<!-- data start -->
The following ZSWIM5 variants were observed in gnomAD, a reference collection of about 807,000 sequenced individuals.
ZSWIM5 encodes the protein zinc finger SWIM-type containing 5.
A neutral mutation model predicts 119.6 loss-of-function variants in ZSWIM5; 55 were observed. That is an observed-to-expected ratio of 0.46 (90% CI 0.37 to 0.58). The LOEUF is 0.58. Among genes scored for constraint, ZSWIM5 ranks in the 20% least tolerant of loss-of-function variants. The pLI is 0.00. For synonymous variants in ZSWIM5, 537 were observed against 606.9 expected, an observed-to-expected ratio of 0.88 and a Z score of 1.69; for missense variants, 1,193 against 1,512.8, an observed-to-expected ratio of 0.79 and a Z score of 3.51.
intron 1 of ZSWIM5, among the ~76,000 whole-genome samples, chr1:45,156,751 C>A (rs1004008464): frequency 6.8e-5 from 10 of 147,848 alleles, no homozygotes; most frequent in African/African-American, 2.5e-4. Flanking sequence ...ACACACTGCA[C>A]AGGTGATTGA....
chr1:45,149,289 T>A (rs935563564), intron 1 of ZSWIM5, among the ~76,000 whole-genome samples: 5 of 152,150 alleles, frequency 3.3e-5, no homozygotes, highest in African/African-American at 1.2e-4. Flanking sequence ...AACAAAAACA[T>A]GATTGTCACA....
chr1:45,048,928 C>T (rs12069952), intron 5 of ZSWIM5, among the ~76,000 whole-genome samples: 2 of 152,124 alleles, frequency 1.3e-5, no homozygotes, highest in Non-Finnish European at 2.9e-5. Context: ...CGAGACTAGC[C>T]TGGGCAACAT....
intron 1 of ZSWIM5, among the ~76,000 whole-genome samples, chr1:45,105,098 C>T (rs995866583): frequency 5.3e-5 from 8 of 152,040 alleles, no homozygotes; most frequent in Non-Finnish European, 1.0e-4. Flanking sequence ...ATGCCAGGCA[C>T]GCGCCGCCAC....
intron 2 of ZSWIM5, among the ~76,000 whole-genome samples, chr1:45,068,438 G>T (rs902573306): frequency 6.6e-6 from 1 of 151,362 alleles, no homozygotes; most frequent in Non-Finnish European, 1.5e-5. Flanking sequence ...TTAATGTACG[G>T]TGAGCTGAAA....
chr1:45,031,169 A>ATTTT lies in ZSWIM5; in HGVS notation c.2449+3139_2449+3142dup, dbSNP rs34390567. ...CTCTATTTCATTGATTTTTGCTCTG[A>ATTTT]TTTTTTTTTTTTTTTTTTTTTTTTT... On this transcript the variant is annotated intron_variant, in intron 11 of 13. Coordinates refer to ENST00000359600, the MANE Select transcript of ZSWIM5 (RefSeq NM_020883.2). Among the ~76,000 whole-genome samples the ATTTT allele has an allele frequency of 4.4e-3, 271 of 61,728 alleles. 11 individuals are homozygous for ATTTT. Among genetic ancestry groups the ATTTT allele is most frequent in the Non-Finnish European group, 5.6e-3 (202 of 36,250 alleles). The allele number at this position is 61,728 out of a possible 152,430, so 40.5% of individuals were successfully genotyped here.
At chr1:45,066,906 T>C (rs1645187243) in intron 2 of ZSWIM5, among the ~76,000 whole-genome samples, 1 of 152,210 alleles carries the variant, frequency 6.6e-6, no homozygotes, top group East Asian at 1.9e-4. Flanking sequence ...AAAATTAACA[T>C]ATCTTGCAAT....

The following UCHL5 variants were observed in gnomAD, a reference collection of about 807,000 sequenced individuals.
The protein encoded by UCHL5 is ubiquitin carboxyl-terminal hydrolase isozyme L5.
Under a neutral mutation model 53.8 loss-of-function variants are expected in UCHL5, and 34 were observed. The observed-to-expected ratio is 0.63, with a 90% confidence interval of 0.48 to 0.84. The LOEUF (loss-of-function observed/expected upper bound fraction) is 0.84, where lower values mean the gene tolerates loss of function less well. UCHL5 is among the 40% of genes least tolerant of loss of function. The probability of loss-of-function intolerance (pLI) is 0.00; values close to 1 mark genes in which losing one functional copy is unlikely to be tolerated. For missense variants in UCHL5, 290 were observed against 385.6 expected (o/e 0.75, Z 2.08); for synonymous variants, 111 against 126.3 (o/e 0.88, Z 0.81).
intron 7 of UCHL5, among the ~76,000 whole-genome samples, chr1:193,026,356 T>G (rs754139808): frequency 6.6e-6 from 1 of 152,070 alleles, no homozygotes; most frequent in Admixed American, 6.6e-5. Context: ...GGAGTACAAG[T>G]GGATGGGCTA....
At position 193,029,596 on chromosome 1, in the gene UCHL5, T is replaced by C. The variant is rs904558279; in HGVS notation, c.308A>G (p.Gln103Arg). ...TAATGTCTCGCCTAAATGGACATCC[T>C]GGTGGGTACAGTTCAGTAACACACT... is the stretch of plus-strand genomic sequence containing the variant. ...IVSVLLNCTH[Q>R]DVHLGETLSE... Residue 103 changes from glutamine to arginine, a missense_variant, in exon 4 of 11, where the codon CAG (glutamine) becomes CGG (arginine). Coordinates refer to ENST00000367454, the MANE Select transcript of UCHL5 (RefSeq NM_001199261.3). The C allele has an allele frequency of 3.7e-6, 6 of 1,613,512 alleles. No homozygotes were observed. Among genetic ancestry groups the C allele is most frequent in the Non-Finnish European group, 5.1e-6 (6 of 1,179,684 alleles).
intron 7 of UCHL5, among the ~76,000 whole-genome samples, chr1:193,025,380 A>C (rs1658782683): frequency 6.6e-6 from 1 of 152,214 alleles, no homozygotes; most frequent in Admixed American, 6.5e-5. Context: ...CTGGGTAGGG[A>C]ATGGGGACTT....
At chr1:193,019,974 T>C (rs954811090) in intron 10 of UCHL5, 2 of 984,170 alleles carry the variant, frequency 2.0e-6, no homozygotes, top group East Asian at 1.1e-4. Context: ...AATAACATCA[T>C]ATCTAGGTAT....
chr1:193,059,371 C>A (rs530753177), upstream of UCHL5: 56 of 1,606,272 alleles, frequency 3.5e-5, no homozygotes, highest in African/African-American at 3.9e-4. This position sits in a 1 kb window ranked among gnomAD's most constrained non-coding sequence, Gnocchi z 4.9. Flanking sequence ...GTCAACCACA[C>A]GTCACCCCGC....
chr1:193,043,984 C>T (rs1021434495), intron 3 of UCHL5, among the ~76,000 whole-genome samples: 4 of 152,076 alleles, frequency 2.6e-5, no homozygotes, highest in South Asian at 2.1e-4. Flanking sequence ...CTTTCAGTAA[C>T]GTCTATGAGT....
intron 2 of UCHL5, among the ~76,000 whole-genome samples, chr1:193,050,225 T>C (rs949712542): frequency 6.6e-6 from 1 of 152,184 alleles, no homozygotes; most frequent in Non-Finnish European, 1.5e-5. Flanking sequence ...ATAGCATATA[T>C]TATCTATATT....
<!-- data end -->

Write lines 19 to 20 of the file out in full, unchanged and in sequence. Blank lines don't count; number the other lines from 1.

chr1:193,043,984 C>T (rs1021434495), intron 3 of UCHL5, among the ~76,000 whole-genome samples: 4 of 152,076 alleles, frequency 2.6e-5, no homozygotes, highest in South Asian at 2.1e-4. Flanking sequence ...CTTTCAGTAA[C>T]GTCTATGAGT....
intron 2 of UCHL5, among the ~76,000 whole-genome samples, chr1:193,050,225 T>C (rs949712542): frequency 6.6e-6 from 1 of 152,184 alleles, no homozygotes; most frequent in Non-Finnish European, 1.5e-5. Flanking sequence ...ATAGCATATA[T>C]TATCTATATT....